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Weimaraner

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Weimaraner Books

Group: Gundog - Breed Standard

Origins

The Weimaraner is a silver-grey breed of dog developed originally both for tracking game, such as birds, and as a pointing breed. The name comes from the Grand Duke of Weimar, Charles August, whose court enjoyed hunting.

Description

Height: dogs 61-69 cms (24-27 ins); bitches 56-64 cms (22-25 ins)

The Weimaraner should be elegant, noble, and athletic in appearance. All parts of the dog should be in balance with each other, creating a form that is pleasing to the eye. It must be capable of working in the field, regardless of whether it is from show stock or hunting stock, and faults that will interfere with working ability are heavily penalized.

The nails, which may be amber or gray, are kept short. In some cases, tails are docked and dewclaws are removed, the tail usually docked at birth to a third of its natural length. This breed's short, smooth gray coat and its unusual eyes give it a regal appearance different from any other breed. The eyes may be light amber, gray, or blue-gray. The coat may range from mouse-gray (grayish beige or tan) to silver-gray. The nose should be a grayish tan. Where the fur is thin or non-existent, inside the ears or on the lips, for example, the skin should be a pinkish "flesh" tone rather than white or black.

The silvery-gray colour is rare in dogs and is the result of breeding for a recessive gene. It has also lent the breed the nickname 'silver ghost' or 'gray ghost.' The coat is extremely low maintenance; it is short, hard, and smooth to the touch. There is also a long-haired variety. The dog has a silky coat, with an undocked feathered tail and legs. Weimaraner breeders selecting for this recessive gene commonly get litters of mixed coat type.

Character/Temperament

Weimaraners are fast and powerful dogs, but are also suitable home animals given appropriate training. Weimaraners are high-strung and easily excitable, requiring appropriate training to learn how to calm them and to help them learn to control their behavior. Owners need patience, as this breed is particularly rambunctious during the first year and a half of its life. Like many breeds, untrained and unconfined young dogs often create their own diversions when left alone, such as chewing house quarters and furniture. It should never be forgotten that the Weimaraner is a hunting dog and therefore has a strong, instinctive prey drive. Few Weimaraners will tolerate cats, and many will chase and frequently kill almost any small animal that enters their garden or backyard. In rural areas, most Weimaraners will not hesitate to chase deer or sheep. However, with good training, these instincts can be curtailed to some degree.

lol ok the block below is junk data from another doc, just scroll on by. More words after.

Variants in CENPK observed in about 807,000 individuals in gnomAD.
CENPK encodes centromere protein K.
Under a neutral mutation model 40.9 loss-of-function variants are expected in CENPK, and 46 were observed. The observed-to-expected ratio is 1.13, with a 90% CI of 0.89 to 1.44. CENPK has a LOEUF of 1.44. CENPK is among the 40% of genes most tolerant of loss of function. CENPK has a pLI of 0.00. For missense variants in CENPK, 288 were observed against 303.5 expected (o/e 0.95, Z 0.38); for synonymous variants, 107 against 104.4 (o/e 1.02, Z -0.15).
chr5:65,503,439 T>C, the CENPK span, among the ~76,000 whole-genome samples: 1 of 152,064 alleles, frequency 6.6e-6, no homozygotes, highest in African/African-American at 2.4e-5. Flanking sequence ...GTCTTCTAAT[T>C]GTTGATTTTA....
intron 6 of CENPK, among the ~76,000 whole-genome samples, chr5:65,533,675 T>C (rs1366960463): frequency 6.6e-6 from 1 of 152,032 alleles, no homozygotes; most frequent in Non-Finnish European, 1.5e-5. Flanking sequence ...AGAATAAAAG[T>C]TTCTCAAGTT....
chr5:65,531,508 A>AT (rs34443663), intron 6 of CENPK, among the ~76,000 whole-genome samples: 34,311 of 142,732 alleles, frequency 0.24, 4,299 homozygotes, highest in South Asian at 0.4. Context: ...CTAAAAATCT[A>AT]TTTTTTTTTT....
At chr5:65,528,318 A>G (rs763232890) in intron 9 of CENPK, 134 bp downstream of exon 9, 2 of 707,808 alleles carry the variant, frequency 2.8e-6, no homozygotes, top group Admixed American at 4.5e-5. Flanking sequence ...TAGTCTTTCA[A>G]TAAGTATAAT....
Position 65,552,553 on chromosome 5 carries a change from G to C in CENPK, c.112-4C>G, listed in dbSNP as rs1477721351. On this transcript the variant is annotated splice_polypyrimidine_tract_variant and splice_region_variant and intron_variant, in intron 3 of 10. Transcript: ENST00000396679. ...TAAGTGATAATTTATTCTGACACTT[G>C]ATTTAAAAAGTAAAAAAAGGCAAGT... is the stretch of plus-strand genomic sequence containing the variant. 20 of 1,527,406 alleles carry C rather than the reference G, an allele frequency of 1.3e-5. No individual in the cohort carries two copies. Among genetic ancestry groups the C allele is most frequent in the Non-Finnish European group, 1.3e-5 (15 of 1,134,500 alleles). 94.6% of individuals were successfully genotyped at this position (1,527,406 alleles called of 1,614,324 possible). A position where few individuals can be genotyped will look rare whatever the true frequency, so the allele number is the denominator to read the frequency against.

Breed Health

The Weimaraner is a deep-chested dog, which makes them a breed which is high on the list of dogs affected by bloat (gastric torsion). Weimaraner owners might never see this problem in their dogs but should be familiar with the ailment. Hip dysplasia is a major concern among Weimaraners,[1] as with most large breeds of dog. It is generally recommended to acquire Weims only from breeders who have their dog's hips tested and scored under the BVA/Kennel Club scheme. Other health issues include: Cryptorchidism, Elbow dysplasia, Von Willebrands Disease, Entropion, Hypothyroidism, Hypertrophic osteodystrophy, Progressive retinal atrophy

Exercise

From adolescence, a Weimaraner requires extensive exercise in keeping with an energetic hunting dog. No walk is too far, and they will appreciate games and play in addition. An active owner is more likely to provide the vigorous exercising, games, or running that this breed needs.

Training

See our books on training


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Last link added: 12 Mar, 2008